What Your Growling Stomach Means

Yu Shing Ting
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Friday - September 01, 2010
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There are many reasons our stomachs growl, including being hungry

There are some things about our body that we can control, and then there are things we can’t.

One day I was showing my boss something on my computer when my stomach started to growl embarassingly. It got louder and louder, and although he didn’t say anything, I’m sure he heard it because, of course, it was at a time of day when the office was completely quiet.

But is that really our stomachs trying to tell us to eat? And what can we do to stop it?

According to Dr. Helen Sim, a physician at The Queen’s Medical Center, stomach noises are a normal part of the digestive process.

“From the mouth down, it’s basically a long tube of muscles, and after you haven’t eaten in awhile and the food hasn’t passed from the stomach to the intestines, there’s air that still remains, and that sound you usually hear is when the muscles are contracting and pushing on the air that’s in our stomach and small intestines,” explains Sim. “And that’s that sound that we hear as growling.”

As for whether or not there’s a connection between the grumbling and being hungry, Sim says there often is, but that the stomach and intestines make sounds even when you’re full.


“The noises, that’s part of the normal digestive process. But I think when your stomach is empty there’s more air, so that the sound is a little bit more exaggerated than when there’s actually food in there,” she says.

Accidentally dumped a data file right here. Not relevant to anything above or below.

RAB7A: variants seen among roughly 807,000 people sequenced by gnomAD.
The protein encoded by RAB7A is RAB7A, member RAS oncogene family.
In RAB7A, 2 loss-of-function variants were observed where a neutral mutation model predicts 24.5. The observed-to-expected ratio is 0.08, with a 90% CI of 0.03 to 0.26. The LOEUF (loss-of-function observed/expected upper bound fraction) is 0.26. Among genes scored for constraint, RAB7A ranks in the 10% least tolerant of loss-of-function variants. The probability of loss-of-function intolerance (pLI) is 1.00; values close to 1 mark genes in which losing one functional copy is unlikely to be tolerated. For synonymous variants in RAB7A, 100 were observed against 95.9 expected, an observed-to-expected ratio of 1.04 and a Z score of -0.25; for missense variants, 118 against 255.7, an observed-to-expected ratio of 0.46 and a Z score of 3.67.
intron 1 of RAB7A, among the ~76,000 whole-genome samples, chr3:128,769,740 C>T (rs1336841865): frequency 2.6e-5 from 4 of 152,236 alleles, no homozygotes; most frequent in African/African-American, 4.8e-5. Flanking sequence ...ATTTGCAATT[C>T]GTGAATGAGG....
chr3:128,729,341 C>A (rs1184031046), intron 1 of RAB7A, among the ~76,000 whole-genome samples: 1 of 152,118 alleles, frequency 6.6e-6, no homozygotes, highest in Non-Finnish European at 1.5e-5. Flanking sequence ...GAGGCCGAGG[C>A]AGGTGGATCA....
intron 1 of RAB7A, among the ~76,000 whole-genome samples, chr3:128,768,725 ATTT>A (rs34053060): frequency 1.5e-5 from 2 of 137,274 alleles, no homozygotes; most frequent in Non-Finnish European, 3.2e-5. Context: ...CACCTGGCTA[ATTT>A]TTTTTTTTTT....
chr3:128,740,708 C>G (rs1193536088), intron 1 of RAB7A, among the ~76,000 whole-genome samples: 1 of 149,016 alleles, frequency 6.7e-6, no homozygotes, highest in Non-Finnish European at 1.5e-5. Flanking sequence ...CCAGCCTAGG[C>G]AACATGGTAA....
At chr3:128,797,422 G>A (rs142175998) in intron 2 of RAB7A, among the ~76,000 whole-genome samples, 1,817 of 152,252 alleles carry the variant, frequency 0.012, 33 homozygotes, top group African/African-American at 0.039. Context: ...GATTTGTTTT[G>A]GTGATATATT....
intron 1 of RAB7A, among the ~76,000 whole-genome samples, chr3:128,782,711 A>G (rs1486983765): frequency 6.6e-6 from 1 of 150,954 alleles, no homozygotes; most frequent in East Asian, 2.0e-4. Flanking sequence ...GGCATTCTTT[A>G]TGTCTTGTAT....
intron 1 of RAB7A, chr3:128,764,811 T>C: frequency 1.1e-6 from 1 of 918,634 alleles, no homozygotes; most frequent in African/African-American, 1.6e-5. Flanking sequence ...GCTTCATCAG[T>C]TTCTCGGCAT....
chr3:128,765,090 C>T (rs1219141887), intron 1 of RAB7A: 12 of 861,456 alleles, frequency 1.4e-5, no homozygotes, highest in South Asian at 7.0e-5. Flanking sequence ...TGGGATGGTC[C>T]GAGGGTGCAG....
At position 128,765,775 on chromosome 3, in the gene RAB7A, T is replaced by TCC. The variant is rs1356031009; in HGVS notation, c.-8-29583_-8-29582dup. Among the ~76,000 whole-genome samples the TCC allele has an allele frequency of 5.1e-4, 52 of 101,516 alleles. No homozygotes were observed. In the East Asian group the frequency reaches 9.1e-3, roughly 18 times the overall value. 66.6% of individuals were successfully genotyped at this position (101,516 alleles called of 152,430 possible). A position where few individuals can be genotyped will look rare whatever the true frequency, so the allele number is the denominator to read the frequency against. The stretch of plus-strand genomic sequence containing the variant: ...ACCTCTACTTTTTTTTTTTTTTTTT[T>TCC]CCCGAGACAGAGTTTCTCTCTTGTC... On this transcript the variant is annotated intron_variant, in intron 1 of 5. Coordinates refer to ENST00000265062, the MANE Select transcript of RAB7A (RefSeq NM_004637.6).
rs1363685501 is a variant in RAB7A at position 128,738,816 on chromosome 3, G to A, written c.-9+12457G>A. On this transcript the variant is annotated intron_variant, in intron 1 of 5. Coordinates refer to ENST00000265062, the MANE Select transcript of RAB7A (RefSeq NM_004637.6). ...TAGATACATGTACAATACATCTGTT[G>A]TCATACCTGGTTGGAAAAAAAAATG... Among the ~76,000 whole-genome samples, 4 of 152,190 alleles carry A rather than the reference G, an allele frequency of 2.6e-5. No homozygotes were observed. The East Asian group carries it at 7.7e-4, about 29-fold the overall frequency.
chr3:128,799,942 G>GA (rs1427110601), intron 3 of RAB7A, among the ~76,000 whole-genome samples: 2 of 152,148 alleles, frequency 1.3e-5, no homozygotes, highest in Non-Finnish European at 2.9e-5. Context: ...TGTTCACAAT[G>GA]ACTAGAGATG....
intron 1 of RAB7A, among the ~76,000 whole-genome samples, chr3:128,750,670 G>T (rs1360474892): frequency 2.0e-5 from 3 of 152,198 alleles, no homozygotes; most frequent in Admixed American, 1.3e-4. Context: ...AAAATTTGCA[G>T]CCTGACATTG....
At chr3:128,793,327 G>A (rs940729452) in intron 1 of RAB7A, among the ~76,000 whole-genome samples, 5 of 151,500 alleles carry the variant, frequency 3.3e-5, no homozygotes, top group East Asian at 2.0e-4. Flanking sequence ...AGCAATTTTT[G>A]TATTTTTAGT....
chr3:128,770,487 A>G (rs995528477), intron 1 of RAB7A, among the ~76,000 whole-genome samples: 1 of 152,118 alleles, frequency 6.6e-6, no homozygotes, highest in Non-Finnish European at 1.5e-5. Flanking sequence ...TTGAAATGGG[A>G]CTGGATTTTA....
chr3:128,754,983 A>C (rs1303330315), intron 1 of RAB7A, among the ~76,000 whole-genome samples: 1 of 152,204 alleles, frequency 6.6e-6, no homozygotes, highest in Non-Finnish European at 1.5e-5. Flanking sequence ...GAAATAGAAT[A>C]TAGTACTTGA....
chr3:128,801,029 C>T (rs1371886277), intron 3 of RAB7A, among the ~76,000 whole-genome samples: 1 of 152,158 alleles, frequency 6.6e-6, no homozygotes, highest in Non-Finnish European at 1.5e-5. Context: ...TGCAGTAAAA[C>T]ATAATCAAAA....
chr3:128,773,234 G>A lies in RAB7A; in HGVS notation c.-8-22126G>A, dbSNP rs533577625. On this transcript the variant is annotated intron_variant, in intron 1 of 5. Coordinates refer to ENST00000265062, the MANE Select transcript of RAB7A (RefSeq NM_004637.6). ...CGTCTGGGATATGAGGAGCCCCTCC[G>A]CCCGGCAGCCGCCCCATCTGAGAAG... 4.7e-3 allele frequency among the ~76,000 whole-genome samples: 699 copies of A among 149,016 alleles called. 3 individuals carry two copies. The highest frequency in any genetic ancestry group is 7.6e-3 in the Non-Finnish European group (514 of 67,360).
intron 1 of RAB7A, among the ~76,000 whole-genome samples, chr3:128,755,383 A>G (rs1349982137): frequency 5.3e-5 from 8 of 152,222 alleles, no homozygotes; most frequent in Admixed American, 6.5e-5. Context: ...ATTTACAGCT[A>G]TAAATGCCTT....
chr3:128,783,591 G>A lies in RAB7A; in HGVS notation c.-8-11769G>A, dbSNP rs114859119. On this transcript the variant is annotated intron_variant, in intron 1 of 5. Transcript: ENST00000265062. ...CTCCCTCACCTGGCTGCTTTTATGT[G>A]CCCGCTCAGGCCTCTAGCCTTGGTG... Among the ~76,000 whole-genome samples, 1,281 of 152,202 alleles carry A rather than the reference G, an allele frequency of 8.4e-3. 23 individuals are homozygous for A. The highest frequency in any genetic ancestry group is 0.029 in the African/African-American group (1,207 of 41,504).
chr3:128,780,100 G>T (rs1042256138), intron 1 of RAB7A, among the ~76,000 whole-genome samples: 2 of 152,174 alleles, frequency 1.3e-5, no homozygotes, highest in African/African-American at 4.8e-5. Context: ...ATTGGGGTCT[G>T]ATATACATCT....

The medical term for these stomach sounds is borborygmus. When it happens, it’s usually nothing to be concerned about, but if it’s excessive and accompanied by other problems, then you may want to consult your doctor.

“Sometimes if it’s a lot of gas, we do see people with irritable bowel syndrome, and their bowels are a little more active and irritable,” explains Sim. “Also, if it’s associated with other symptoms, such as diarrhea, abdominal pain, cramping, excessive bloating or gas, then that could be some underlying problem.”

As for what you can do to stop the rumbling? Eat, but even that won’t guarantee silence.

“It’s not possible to make it stop unless you’re eating frequent small meals throughout the day,” says Sim. “But the normal sounds of the digestive system are something we have no real control over. So if you’re hungry, then you have to eat, and sometimes eating frequent meals throughout the day decreases that level of aggregation.”

Also, beware of foods that produce more gas, such as cabbage, beans and carbonated beverages.


And have you ever noticed that when you’re hungry and you see food, your stomach starts to growl? Well, that’s no coincidence.

“When you’re hungry, there’s a pathway where your body triggers a hormone from the brain telling your stomach to get prepared to eat, and it gets triggered by looking at food,” explains Sim. “And I think everyone has experienced that before.

“In general, stomach growling is normal. It’s part of the sounds we hear, and unless you have an upset stomach or pain, you shouldn’t be concerned about it. If you want your stomach quiet, I would recommend eating frequent small meals throughout the day.”

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